Senate swayed Right by 720 homeschooled teens

Sunday, December 4, 2016
 | 
Michael F. Haverluck (OneNewsNow.com)

voting in AmericaJust 10 days after conservatives scored major victories against their Democratic rivals in the 2016 General Election, one of America’s most popular Left-leaning dailies credited homeschooled teens for helping Republicans win major races for United States Senate seats.

 

In USA Today’s article titled “Homeschooled teens helped win key Senate races,” a teen civics organization established by the Homeschool Legal Defense Association (HSLDA) called Generation Joshua (GenJ) was highlighted for leading a new younger generation of young adults to get involved in their communities – to bring about social change.

Mobilizing youth to make a difference

HSLDA describes the teen movement as a vehicle to get students to take action steps that help improve America through prepping youth  in ethics training, legal knowledge and community service.

“Since 2003, GenJ has trained thousands of young people in citizenship, constitutional law and Christian leadership,” the nonprofit legal organization explained. “It has also provided real-world opportunities for these youths to put their training into action through volunteer voter education efforts and campaigns for homeschool-friendly candidates.”

Getting ready for November’s election, students were mobilized across the nation to get involved in the voting process.

“This year, GenJ fielded 12 teams in eight states for the five days leading up to the Nov. 8 election,” HSLDA reported. “Eleven of the dozen candidates that GenJ supported won.”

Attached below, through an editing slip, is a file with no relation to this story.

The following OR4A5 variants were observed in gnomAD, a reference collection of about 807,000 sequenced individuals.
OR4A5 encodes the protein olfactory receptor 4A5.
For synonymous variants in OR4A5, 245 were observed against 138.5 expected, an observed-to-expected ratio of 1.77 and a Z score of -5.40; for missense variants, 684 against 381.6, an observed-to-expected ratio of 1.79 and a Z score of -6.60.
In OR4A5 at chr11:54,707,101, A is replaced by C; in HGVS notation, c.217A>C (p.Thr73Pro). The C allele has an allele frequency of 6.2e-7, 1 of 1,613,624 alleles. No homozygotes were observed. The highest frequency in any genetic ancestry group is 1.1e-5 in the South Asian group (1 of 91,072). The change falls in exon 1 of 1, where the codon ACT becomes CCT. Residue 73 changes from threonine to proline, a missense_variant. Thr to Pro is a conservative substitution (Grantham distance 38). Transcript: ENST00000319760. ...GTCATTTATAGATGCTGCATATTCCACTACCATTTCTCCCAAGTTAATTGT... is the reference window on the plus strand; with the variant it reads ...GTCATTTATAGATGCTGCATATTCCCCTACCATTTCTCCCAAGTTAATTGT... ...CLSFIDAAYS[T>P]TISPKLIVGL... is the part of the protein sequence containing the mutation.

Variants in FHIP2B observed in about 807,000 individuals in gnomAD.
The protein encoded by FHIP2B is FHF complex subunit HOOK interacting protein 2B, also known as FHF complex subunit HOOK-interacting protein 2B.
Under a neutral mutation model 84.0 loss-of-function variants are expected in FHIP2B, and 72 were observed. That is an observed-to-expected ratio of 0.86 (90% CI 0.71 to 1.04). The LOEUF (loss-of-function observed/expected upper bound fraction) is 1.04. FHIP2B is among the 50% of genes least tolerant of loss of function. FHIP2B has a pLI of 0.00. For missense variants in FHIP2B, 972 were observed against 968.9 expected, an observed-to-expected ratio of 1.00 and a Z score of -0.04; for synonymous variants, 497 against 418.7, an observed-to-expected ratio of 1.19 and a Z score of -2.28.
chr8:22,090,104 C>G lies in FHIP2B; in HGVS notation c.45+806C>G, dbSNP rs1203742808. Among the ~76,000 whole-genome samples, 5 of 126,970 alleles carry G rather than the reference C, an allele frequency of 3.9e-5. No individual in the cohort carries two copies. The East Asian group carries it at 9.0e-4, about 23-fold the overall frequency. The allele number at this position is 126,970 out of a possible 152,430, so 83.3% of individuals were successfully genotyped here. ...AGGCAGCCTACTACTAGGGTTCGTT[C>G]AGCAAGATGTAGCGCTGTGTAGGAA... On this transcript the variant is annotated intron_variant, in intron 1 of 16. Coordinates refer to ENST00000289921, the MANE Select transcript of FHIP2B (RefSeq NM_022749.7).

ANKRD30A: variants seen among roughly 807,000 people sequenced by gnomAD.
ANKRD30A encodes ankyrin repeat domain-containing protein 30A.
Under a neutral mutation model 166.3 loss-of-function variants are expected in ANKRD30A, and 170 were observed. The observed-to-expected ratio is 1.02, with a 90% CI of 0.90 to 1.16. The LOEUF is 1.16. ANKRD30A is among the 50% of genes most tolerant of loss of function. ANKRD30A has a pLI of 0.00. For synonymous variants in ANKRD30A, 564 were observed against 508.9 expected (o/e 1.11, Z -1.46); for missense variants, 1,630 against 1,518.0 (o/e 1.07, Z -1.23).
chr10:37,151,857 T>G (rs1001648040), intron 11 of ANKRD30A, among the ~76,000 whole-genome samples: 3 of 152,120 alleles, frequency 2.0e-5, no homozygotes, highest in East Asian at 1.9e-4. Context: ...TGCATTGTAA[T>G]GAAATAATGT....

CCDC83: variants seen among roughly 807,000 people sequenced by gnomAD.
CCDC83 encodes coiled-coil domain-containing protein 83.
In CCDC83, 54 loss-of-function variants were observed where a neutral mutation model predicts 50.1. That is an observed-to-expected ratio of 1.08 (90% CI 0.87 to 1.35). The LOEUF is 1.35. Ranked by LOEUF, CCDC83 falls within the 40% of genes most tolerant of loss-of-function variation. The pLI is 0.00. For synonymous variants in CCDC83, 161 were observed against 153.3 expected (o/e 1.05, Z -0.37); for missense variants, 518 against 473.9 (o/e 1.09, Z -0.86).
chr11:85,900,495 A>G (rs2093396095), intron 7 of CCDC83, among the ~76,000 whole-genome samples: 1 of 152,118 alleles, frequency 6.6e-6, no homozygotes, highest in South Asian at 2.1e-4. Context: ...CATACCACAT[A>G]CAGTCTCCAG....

Credit where credit’s due

USA Today’s Ledyard King expressed he was very impressed that the young conservative activists were the ones who likely tipped the scales for candidates in particularly close U.S. Senate races, including those for Florida’s Marco Rubio, Pennsylvania’s Pat Toomey, Wisconsin’s Ron Johnson and Missouri’s Roy Blunt.

“All four outperformed independent polls in the last week of the campaign,” King asserted in his article. “[There is] compelling circumstantial evidence [of a] surge of … turnout in key areas where the homeschoolers strategically blanketed neighborhoods.”

HSLDA Chairman Michael Farris, who founded General Joshua, also gave credit where credit was due for conservatives getting out the vote.

“They pulled off a get-out-the-vote effort that was more effective than any other ground game in the nation,” Farris impressed.

The great influence of the teen group’s election effort was also pointed out by Generation Joshua Director Joel Grewe, who points out that their effectiveness is largely due to the fact that voting adults are often surprised by the composure and thorough grasp of issues that GenJ’s young volunteers demonstrate.

“Campaigns regularly tell us that one of our volunteers is worth two of any other volunteer they work with,” Grewe shared. “When you get a passionate and well-spoken teen knocking on your door, it strikes your curiosity and gets past the cynical barrier caused by politics today. Then the teen says, ‘I can’t vote – but you can.’ People respond when they realize others are depending on them.”

Hard work and education

Grewe added that the election volunteer effort took involved much time and preparation. He noted that 720 GenJ volunteers were sent out this year to connect with more than 680,000 voters across America – meaning that each teen spoke with approximately 779 voters in just several short days.

“It’s great to have someone else say, ‘Yes, this really is incredible,’” the GenJ’s leader expressed. “Frankly, we already have more opportunities to train and teach than we have the financial resources for.”

Despite what has been showcased following the election results, Grewe stressed that educating teens to become godly and contributing members of American society reigns supreme.

“If you’re an American citizen, it’s your responsibility to be a caretaker of freedom,” Grewe elaborated. “But if you don’t understand your freedoms and how to keep them, then we won’t keep them. It’s our job to equip the next generation. They will go into all kinds of fields, but each one will be able to recognize when their freedoms are being threatened and know how to effectively stand up and say, ‘That’s enough!’”

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